We thought it was time to add the function to upload a radius map. ZeeMaps allows you to upload spreadsheets with pins, or with highlighted geographical areas like US zip codes or counties. Now you can highlight circles on the map with different radii, using spreadsheet uploads.
To upload a spreadsheet of data as circles, add a column called ‘Radius’ to your spreadsheet. Specify the radius in miles or kilometers for each of the rows. On rows where you do not have a radius specified, you can define a default radius. Therefore, if you want all your circles to be of the same radius, you do not need to create a radius column – just specify a default radius.
How to upload a spreadsheet to create a radius map
To get started uploading a spreadsheet with circle markers, you can do one of two things:
Select the ‘Additions’ > ‘Add (Upload) Multiple Markers’ menu item on your map, or
Click the‘Map My Spreadsheet’ button.
You will be presented with a dialog to pick a file to upload. Along with the file, there is an option to specify what kind of markers you would like to add. Make sure you select the option that says ‘Circles’, as below.
After you have selected a file and hit submit, the next dialog will give you the option to select your radius column, choose the default radius, and select whether the radius values are in miles or kilometers. Even if you are not using the default radius, and have specified radius values for each of your spreadsheet rows, make sure you check the appropriate box for miles or kilometers, depending on how your radius values are specified.
Just like any other spreadsheet upload, the circle markers can have different colors and additional information in them that will be visible once you click on the circle.
The benefits of circle markers
Circle markers can be helpful if you have multiple service persons and jobs spread throughout a geographical area. They can help you to quickly understand which service person to assign to which job, depending on distances.
We encourage you to read this blog post fully, as there is a link to a free US State Map at the end!
ZeeMaps has more than doubled the colors available to users with an Enterprise Plan. It means you can group markers into 75 different colors instead of just 32. This comes in handy when you are coloring a US state map, or other maps with multiple regions. The six palettes contain shades from teal to princess perfume, sunglow to cyber grape.
You can view the different color palettes in the tabs at the top of this page. All ZeeMaps users have access to the Classic palette. Only users who have signed up for the Enterprise plan have access to the next five palettes (Red; Yellow-Orange; Green; Blue; and Violet).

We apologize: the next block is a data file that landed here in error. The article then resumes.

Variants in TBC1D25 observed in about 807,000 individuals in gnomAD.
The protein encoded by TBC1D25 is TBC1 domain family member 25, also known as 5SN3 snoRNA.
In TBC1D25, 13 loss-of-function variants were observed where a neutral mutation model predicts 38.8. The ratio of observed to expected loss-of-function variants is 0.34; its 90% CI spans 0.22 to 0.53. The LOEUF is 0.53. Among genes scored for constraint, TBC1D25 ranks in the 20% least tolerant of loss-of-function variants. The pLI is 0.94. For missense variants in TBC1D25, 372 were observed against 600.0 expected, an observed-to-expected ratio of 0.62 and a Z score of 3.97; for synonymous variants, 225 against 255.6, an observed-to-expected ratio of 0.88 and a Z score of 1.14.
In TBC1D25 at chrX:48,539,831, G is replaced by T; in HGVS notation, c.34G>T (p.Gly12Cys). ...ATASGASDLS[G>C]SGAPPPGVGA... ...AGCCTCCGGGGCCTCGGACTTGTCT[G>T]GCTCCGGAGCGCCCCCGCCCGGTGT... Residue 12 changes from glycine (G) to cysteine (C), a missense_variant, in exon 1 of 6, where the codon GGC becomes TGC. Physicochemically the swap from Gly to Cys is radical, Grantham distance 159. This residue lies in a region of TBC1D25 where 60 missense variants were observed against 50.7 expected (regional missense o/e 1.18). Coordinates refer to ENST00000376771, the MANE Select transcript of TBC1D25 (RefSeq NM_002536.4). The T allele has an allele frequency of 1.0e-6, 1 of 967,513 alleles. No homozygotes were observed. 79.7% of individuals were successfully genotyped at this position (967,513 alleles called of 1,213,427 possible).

Use the extended palette on your US state map
To use the extended palette, you must set it up for each map. How? Go to Map > Settings and select the ‘Markers Display’ tab. Set the option for ‘Use Extended 75 Colors’ and hit ‘Save Changes.’ This will enable you to see the extended colors on that particular map.
For additions, go to Additions > Add Marker (Simple) or Add Marker (Detailed). Whether you select Simple or Detailed, both will show the color options based on the map settings. With extended colors, you’ll be able to chose from among 75 colors.
Upload a spreadsheet with multiple colors
To upload a spreadsheet with multiple colors, set a column for ‘Color’ or ‘Category’ on your spreadsheet. If you use ‘Color’, choose the color names listed on this page. If you set a column for ‘Category’, you can specify different values in the rows and ZeeMaps will assign a different color to each different value – starting with the shade that you select for ‘Default Color.’ Once you have finished your spreadsheet, go to Additions > Add (Upload) Multiple Markers.
As an illustration, we will use the following spreadsheet to create a multi-colored US state map:
US State Map with 50 Colors
Based on a well known mathematical four color theorem, you need only four different colors for coloring a map, in order that no two adjacent regions have the same color. Although it is technically feasible to limit ourselves to four colors, that is not necessarily appealing – especially if different shades are used to indicate variations in some indicator, e.g., population density. Here’s an interactive map that we created with 50 colors for US states.